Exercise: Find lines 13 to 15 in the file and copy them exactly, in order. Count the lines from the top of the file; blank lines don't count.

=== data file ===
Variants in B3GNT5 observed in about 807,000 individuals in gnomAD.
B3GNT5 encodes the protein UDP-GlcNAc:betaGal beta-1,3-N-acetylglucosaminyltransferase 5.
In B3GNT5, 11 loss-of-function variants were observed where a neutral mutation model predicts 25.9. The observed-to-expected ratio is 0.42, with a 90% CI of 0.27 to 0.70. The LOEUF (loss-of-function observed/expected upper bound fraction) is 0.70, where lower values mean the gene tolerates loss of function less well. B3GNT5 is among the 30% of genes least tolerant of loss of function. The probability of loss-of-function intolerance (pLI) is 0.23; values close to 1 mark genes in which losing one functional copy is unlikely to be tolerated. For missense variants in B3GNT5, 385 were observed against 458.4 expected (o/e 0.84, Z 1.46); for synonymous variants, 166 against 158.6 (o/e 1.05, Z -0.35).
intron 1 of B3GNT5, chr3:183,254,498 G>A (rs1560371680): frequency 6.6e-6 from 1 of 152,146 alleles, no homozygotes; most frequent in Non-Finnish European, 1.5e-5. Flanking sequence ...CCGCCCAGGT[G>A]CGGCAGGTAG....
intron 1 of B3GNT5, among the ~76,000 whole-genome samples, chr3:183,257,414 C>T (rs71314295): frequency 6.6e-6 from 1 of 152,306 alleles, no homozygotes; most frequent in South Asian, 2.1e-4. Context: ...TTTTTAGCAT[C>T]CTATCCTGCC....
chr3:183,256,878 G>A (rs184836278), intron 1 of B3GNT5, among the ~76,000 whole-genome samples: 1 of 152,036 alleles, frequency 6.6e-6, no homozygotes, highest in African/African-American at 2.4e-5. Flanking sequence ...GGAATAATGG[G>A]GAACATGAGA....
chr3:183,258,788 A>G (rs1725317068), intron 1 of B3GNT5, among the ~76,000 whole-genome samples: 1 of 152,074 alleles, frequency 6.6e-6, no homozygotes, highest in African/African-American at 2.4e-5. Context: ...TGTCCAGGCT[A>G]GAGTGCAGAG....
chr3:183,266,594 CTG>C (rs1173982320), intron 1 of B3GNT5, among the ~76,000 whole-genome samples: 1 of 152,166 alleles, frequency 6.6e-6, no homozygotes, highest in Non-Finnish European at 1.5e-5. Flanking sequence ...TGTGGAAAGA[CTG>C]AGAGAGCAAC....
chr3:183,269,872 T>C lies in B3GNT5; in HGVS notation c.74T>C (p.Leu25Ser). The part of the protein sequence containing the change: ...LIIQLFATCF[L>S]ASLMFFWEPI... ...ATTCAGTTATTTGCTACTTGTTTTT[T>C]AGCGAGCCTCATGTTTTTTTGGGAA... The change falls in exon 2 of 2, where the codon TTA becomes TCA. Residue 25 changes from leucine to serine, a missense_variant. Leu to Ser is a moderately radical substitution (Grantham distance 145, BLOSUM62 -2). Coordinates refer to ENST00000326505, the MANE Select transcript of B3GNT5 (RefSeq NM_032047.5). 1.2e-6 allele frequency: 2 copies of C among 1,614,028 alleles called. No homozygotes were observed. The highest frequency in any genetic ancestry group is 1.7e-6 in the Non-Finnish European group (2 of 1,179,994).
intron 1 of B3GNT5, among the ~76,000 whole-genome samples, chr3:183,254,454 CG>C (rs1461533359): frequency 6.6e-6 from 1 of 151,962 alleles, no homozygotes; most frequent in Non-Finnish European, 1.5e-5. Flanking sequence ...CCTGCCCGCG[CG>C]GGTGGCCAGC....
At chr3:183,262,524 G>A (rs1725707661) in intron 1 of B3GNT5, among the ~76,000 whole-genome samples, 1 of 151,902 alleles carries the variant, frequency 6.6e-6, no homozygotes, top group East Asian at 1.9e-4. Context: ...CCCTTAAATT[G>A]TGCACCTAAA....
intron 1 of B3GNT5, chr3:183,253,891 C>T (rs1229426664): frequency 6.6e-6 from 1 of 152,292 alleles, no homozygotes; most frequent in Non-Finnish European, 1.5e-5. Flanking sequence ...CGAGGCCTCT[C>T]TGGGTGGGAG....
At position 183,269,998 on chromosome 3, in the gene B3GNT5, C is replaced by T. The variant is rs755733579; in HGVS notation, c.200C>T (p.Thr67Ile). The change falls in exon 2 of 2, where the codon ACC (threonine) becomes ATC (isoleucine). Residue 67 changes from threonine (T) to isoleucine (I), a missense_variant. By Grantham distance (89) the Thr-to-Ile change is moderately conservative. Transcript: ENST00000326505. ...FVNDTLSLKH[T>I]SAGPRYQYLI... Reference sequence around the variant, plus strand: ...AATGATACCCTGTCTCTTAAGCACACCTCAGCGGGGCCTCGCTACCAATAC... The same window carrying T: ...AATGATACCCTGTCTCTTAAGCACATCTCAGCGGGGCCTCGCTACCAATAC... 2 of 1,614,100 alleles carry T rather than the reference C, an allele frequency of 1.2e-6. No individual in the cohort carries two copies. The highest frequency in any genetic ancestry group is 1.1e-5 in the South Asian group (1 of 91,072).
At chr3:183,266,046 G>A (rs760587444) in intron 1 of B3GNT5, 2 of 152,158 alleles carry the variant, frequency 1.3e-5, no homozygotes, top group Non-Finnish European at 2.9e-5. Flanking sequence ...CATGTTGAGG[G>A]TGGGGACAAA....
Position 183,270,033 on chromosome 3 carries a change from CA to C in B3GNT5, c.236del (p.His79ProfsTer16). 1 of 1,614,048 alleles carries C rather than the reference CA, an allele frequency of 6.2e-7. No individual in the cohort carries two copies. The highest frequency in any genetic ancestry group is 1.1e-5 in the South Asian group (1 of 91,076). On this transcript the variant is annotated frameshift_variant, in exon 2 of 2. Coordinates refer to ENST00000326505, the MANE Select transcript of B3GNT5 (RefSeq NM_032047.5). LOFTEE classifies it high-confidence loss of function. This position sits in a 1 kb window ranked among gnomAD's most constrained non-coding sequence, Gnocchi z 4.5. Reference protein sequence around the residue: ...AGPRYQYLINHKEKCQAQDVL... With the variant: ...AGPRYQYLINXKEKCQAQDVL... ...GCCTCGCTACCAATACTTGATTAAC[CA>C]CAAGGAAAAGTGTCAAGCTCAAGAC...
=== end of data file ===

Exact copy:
At position 183,269,998 on chromosome 3, in the gene B3GNT5, C is replaced by T. The variant is rs755733579; in HGVS notation, c.200C>T (p.Thr67Ile). The change falls in exon 2 of 2, where the codon ACC (threonine) becomes ATC (isoleucine). Residue 67 changes from threonine (T) to isoleucine (I), a missense_variant. By Grantham distance (89) the Thr-to-Ile change is moderately conservative. Transcript: ENST00000326505. ...FVNDTLSLKH[T>I]SAGPRYQYLI... Reference sequence around the variant, plus strand: ...AATGATACCCTGTCTCTTAAGCACACCTCAGCGGGGCCTCGCTACCAATAC... The same window carrying T: ...AATGATACCCTGTCTCTTAAGCACATCTCAGCGGGGCCTCGCTACCAATAC... 2 of 1,614,100 alleles carry T rather than the reference C, an allele frequency of 1.2e-6. No individual in the cohort carries two copies. The highest frequency in any genetic ancestry group is 1.1e-5 in the South Asian group (1 of 91,072).
At chr3:183,266,046 G>A (rs760587444) in intron 1 of B3GNT5, 2 of 152,158 alleles carry the variant, frequency 1.3e-5, no homozygotes, top group Non-Finnish European at 2.9e-5. Flanking sequence ...CATGTTGAGG[G>A]TGGGGACAAA....
Position 183,270,033 on chromosome 3 carries a change from CA to C in B3GNT5, c.236del (p.His79ProfsTer16). 1 of 1,614,048 alleles carries C rather than the reference CA, an allele frequency of 6.2e-7. No individual in the cohort carries two copies. The highest frequency in any genetic ancestry group is 1.1e-5 in the South Asian group (1 of 91,076). On this transcript the variant is annotated frameshift_variant, in exon 2 of 2. Coordinates refer to ENST00000326505, the MANE Select transcript of B3GNT5 (RefSeq NM_032047.5). LOFTEE classifies it high-confidence loss of function. This position sits in a 1 kb window ranked among gnomAD's most constrained non-coding sequence, Gnocchi z 4.5. Reference protein sequence around the residue: ...AGPRYQYLINHKEKCQAQDVL... With the variant: ...AGPRYQYLINXKEKCQAQDVL... ...GCCTCGCTACCAATACTTGATTAAC[CA>C]CAAGGAAAAGTGTCAAGCTCAAGAC...